Purity is an idea culture has rejected, so when we take a biblical view of purity, we see a huge gap between what our world says and what God commands. This month, we’re defining purity and discovering why it matters to our lives. We’ll discover that we’re called to live holy, pure lives, which often means standing out from the world around us and setting our own standards for how we’ll behave, what we’ll say, and what we’ll consume.
How Long Will This Series Run?
|1 Week Only!
Purity: What is purity?
Purity: Guard Your Heart
Purity: What Happens Next?
|February 2/3||February 9/10||February 16/17||February 23/24|
|Small Group Leader Guide||Small Group Leader Guide||Small Group Leader Guide||Small Group Leader Guide|
|Activity Guide||Activity Guide||Activity Guide||Activity Guide|
|Emcee Guide||Emcee Guide||Emcee Guide||Emcee Guide|
Click on the links above to download the leader guides, emcee guides, and activity guides to prepare for your weekly experience.
Teaching Points & Key Verses
1 Week Only: 30-Second Theology– Instead of having one point this week, we’ll have five different points and verses. Challenge your students to pick the one that they connect with the most.
Week 1– God, not the world, tells us how to define purity.
Key Verse: Matthew 5:8 NIV
Week 2– Guard your heart because that’s where it starts.
Key Verse: Proverbs 4:23 NIV
Week 3– Set the standard.
Key Verse: Psalm 119:9 NIV
Prepare for the Weekend
Heart Behind the Series:
At this stage in their faith, we know students have real questions about what they believe. The more we give them the freedom to express those questions, those doubts, and those uncertainties, the more likely their faith will last later. Keep that in mind as we enter a month about purity. When we talk about purity, we don’t just mean in romantic relationships—although we will get into that. While some students still think of romance as a barf-worthy concept, others are becoming interested in the idea of being more than friends with someone. But purity is more than what we choose to do or not to do. It’s a state of pursuing God’s standard in every area of our lives.
For 5th and 6th grade students, purity looks like a lot of things, including watching what they watch on YouTube, avoiding impure language, setting restrictions on what movies and media they consume, and much more. Help your students set their standards on what they’ll say and how they’ll behave, because when they choose their own limits, they’ll be much more likely to follow them. Give them tools for how to make wise decisions about what is pure and what’s not, but allow for healthy discussions—because it’s much better for them to give you their real answers than “right” ones they don’t actually live by.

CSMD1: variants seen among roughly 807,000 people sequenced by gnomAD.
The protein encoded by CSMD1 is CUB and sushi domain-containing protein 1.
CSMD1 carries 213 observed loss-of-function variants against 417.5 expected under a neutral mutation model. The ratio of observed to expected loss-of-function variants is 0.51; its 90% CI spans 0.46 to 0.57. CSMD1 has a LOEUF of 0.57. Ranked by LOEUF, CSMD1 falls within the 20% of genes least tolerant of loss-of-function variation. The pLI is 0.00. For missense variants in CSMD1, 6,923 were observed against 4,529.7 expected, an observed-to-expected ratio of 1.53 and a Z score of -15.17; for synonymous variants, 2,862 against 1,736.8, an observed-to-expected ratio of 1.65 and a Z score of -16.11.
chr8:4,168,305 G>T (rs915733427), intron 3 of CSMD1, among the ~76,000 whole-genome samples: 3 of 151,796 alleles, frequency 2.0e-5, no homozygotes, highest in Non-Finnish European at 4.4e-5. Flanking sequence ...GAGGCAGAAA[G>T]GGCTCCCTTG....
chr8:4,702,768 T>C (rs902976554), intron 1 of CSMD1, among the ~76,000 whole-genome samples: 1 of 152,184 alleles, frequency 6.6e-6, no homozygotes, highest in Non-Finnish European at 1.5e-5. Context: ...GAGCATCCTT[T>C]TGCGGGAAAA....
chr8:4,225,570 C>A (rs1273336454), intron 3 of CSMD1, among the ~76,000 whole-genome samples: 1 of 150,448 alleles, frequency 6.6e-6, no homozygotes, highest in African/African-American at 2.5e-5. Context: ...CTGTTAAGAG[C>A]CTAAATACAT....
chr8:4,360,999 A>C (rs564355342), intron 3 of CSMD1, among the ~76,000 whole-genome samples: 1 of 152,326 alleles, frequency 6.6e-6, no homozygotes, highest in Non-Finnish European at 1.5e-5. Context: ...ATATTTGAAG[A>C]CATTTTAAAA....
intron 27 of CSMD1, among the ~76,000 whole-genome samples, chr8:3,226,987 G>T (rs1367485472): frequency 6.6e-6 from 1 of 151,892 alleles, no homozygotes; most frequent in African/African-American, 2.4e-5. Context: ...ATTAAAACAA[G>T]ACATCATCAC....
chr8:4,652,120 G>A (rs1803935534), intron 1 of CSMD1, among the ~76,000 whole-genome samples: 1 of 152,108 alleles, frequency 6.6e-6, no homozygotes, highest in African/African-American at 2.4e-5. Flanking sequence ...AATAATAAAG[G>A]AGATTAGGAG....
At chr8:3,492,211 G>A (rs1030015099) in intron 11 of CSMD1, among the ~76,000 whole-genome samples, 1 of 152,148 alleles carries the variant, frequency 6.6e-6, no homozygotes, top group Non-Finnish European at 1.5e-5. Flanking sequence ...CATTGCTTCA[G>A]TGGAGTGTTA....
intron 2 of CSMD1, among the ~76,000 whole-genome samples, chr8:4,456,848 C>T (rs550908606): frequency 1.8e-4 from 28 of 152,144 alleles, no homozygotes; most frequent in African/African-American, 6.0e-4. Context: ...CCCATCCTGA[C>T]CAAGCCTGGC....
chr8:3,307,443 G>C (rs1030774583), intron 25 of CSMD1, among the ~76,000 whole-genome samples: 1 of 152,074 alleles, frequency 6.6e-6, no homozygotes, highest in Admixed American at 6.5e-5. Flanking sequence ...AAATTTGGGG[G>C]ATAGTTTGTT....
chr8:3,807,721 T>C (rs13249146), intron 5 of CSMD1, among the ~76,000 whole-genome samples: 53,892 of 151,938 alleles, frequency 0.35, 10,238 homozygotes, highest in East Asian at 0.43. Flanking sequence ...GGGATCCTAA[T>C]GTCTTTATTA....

As we kick off the month of February, we’ll start off with a fan favorite—30-Second Theology! We’ll have five different points and verses, but challenge your students to pick just one of their favorite truths to talk about. Challenge them to live it out this week, and capitalize on new students and fun activities in the lobby by creating an open space for students to feel connected and comfortable.
The second week of February—just in time for Valentine’s Day—we start our series about purity. We’ll uncover that culture has some distorted views of what purity and love look like, and we’ll discover what God says about purity and love instead.
In week two of our series, we’ll talk about guarding our hearts. As much as students may despise the parental controls that govern their worlds—what would they really think if everything were unlocked for a day? It may be scarier than they realize! We’ll also talk about finding the right filters today so that we can make wiser choices tomorrow. Help students set some boundaries and discover whether their current filters are strong enough to withstand the choices life will throw at them.
Finally, we’ll finish the series with a fun segment they’re definitely wondering about—how to be more than friends with someone. And we’ll reiterate the importance of setting their standards now for who they want to be later. Students need to know they have power, and setting standards is one way they get to decide their future—a lot of power and a great responsibility. Help them develop good judgment for which behaviors will help them and which behaviors will hurt them.
Hang on for the Loop!